According to officials, stranded barge could be moved by WednesdayCAPE D STATE PARK - The North Head and North Jetty roads and the Beards Hollow parking lot in Cape Disappointment State Park remained closed Tuesday after a 345-foot barge that broke free from a tug Saturday night became grounded in a rocky cove beneath the North Head Lighthouse.
The empty oil barge Millicoma, owned by Sause Brothers, was being towed across the Columbia River Bar when the line connecting it to the tug Howard Olsen, owned by Foss Maritime, broke at about 8:30 p.m. Saturday. The barge, which contained between 3,000 and 5,000 gallons of diesel fuel, was heavily damaged.
The crew of the Howard Olsen searched for the barge Saturday night, hampered by strong winds, but were unable to locate it. On Sunday morning, in helicopters provided by the Columbia River Bar Pilots, the Millicoma was found lodged in the small cove north of the lighthouse.
A second barge was also being towed by the tug, but it did not break loose and is safely moored in Portland.
Salvage workers were being lowered by helicopter onto the deck of the grounded barge Tuesday to complete tasks necessary to refloat the barge, according to a press release from the U.S. Coast Guard 13th District.
Significant progress was made Monday as workers from Sause Brothers were successfully lowered onto the deck to seal cargo tank compartments, readying them to be filled with air so the barge can be refloated, according to the release.
No oil sheen has been observed on or in the water surrounding the grounded barge, according to the Coast Guard. The diesel recovery effort would include lowering several 500-gallon capacity totes onto the deck so the diesel can be off-loaded and removed by helicopter.
The grounding attracted a number of observers to the state park on Sunday and Monday, despite heavy rain and blustery wind. The roads and parking lot in the park will reopen after the barge is removed. Benson Beach is open to the public.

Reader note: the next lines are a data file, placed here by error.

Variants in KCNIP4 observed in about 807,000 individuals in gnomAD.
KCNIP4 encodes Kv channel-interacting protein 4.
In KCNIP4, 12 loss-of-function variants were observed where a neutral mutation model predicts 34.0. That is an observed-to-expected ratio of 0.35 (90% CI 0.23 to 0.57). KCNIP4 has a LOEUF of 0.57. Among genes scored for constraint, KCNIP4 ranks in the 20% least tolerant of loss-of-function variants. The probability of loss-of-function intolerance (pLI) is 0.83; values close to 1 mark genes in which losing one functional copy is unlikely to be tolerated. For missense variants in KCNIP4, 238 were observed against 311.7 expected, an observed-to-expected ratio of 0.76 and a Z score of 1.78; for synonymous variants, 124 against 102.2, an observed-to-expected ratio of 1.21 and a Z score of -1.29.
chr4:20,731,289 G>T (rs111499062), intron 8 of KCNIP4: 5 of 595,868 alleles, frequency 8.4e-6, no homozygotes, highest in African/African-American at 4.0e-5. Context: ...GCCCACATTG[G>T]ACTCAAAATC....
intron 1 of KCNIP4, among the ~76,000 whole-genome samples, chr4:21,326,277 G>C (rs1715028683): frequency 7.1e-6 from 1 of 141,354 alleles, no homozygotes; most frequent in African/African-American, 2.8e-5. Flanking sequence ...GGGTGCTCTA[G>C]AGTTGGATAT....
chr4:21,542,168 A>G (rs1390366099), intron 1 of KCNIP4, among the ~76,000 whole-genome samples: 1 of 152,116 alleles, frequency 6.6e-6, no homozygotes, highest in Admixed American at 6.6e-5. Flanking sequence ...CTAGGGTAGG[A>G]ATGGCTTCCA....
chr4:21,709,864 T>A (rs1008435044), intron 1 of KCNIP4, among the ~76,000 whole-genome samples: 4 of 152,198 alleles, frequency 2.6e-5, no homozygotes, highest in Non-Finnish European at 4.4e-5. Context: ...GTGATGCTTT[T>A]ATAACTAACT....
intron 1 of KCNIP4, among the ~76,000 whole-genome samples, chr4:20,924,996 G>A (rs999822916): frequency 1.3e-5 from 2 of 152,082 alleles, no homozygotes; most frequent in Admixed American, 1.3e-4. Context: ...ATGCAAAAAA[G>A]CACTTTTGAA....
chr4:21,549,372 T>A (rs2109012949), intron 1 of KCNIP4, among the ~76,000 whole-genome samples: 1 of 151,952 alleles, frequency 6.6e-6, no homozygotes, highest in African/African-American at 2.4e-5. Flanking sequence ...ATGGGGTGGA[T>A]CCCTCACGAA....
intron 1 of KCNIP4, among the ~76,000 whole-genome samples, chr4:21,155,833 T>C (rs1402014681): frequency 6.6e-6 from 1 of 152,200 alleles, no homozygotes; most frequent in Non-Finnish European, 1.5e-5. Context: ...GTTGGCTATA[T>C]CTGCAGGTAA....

Sam Sacco, a spokesperson for a joint information center set up by Foss Maritime at the Seaview Fire Hall, said the road closure was necessary because the parking lot at the North Jetty is being used as a staging area for the recovery operation. "Safety drives any of these operations," Sacco said. "We want to make sure no one gets hurt while we're responding. Weather is a big factor while we're working on the recovery. Today (Tuesday) is a good weather day."
Sacco said more personnel were to be placed on the barge Tuesday "to help prep it so the actual operation to free it from the rocks can be done effectively and efficiently."
Personnel from the U.S. Coast Guard, the Washington State Department of Ecology, Foss Maritime and Sause Brothers have organized at the Seaview Fire Department to coordinate efforts to respond to the grounded oil barge
To date, there have been no injuries to any of the crews.
When the barge is finally freed from the cove, which could take several days, Sacco said it will probably be towed to a nearby port to make immediate repairs, then to a dry dock in Portland.
Foss Maritime Co. is based in Seattle and operates a fleet of tugs and barges throughout the West Coast.